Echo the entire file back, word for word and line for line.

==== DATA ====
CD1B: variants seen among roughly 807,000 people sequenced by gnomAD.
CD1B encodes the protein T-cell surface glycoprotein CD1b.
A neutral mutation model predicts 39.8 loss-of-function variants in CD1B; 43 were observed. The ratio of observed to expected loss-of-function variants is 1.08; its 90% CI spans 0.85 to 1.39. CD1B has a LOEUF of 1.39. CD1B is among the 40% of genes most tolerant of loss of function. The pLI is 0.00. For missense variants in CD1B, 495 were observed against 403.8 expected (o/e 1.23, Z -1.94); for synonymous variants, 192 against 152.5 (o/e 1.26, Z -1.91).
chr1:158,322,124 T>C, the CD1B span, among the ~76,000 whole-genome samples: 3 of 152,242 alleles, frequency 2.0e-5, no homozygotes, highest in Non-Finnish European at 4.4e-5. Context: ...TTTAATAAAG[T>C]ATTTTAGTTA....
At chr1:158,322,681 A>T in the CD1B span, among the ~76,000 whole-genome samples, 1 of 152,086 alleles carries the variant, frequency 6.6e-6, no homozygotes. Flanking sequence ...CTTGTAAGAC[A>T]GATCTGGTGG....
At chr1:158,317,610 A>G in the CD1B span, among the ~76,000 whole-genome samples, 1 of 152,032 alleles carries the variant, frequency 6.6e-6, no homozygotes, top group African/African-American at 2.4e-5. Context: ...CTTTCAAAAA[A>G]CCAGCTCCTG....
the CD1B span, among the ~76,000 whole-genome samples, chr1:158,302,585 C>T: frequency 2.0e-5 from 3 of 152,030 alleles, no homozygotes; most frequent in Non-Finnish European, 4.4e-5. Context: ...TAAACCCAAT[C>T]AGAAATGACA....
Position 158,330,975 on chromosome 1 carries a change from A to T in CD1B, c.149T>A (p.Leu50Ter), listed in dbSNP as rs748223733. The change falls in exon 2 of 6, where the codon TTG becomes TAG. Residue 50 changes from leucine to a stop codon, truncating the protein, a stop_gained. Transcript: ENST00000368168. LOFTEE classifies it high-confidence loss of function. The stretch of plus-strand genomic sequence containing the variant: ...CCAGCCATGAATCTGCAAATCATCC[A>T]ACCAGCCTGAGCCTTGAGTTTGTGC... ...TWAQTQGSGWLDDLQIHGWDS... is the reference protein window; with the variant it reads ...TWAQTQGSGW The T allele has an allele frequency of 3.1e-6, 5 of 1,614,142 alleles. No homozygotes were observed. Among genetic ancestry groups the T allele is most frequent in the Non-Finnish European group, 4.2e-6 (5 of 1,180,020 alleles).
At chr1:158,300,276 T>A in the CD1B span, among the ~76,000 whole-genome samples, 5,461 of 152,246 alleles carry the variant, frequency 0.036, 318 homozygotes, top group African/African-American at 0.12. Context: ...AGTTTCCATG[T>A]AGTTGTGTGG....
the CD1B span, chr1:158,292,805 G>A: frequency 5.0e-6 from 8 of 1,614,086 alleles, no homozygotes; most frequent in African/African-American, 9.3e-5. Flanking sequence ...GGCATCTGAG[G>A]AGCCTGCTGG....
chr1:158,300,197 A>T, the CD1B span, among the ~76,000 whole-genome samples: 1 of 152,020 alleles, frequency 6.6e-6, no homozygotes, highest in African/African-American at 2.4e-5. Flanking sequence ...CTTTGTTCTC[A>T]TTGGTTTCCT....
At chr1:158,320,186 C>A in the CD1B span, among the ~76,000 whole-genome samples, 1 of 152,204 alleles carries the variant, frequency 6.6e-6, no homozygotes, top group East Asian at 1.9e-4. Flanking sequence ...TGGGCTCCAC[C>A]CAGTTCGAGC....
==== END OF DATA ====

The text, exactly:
CD1B: variants seen among roughly 807,000 people sequenced by gnomAD.
CD1B encodes the protein T-cell surface glycoprotein CD1b.
A neutral mutation model predicts 39.8 loss-of-function variants in CD1B; 43 were observed. The ratio of observed to expected loss-of-function variants is 1.08; its 90% CI spans 0.85 to 1.39. CD1B has a LOEUF of 1.39. CD1B is among the 40% of genes most tolerant of loss of function. The pLI is 0.00. For missense variants in CD1B, 495 were observed against 403.8 expected (o/e 1.23, Z -1.94); for synonymous variants, 192 against 152.5 (o/e 1.26, Z -1.91).
chr1:158,322,124 T>C, the CD1B span, among the ~76,000 whole-genome samples: 3 of 152,242 alleles, frequency 2.0e-5, no homozygotes, highest in Non-Finnish European at 4.4e-5. Context: ...TTTAATAAAG[T>C]ATTTTAGTTA....
At chr1:158,322,681 A>T in the CD1B span, among the ~76,000 whole-genome samples, 1 of 152,086 alleles carries the variant, frequency 6.6e-6, no homozygotes. Flanking sequence ...CTTGTAAGAC[A>T]GATCTGGTGG....
At chr1:158,317,610 A>G in the CD1B span, among the ~76,000 whole-genome samples, 1 of 152,032 alleles carries the variant, frequency 6.6e-6, no homozygotes, top group African/African-American at 2.4e-5. Context: ...CTTTCAAAAA[A>G]CCAGCTCCTG....
the CD1B span, among the ~76,000 whole-genome samples, chr1:158,302,585 C>T: frequency 2.0e-5 from 3 of 152,030 alleles, no homozygotes; most frequent in Non-Finnish European, 4.4e-5. Context: ...TAAACCCAAT[C>T]AGAAATGACA....
Position 158,330,975 on chromosome 1 carries a change from A to T in CD1B, c.149T>A (p.Leu50Ter), listed in dbSNP as rs748223733. The change falls in exon 2 of 6, where the codon TTG becomes TAG. Residue 50 changes from leucine to a stop codon, truncating the protein, a stop_gained. Transcript: ENST00000368168. LOFTEE classifies it high-confidence loss of function. The stretch of plus-strand genomic sequence containing the variant: ...CCAGCCATGAATCTGCAAATCATCC[A>T]ACCAGCCTGAGCCTTGAGTTTGTGC... ...TWAQTQGSGWLDDLQIHGWDS... is the reference protein window; with the variant it reads ...TWAQTQGSGW The T allele has an allele frequency of 3.1e-6, 5 of 1,614,142 alleles. No homozygotes were observed. Among genetic ancestry groups the T allele is most frequent in the Non-Finnish European group, 4.2e-6 (5 of 1,180,020 alleles).
At chr1:158,300,276 T>A in the CD1B span, among the ~76,000 whole-genome samples, 5,461 of 152,246 alleles carry the variant, frequency 0.036, 318 homozygotes, top group African/African-American at 0.12. Context: ...AGTTTCCATG[T>A]AGTTGTGTGG....
the CD1B span, chr1:158,292,805 G>A: frequency 5.0e-6 from 8 of 1,614,086 alleles, no homozygotes; most frequent in African/African-American, 9.3e-5. Flanking sequence ...GGCATCTGAG[G>A]AGCCTGCTGG....
chr1:158,300,197 A>T, the CD1B span, among the ~76,000 whole-genome samples: 1 of 152,020 alleles, frequency 6.6e-6, no homozygotes, highest in African/African-American at 2.4e-5. Flanking sequence ...CTTTGTTCTC[A>T]TTGGTTTCCT....
At chr1:158,320,186 C>A in the CD1B span, among the ~76,000 whole-genome samples, 1 of 152,204 alleles carries the variant, frequency 6.6e-6, no homozygotes, top group East Asian at 1.9e-4. Flanking sequence ...TGGGCTCCAC[C>A]CAGTTCGAGC....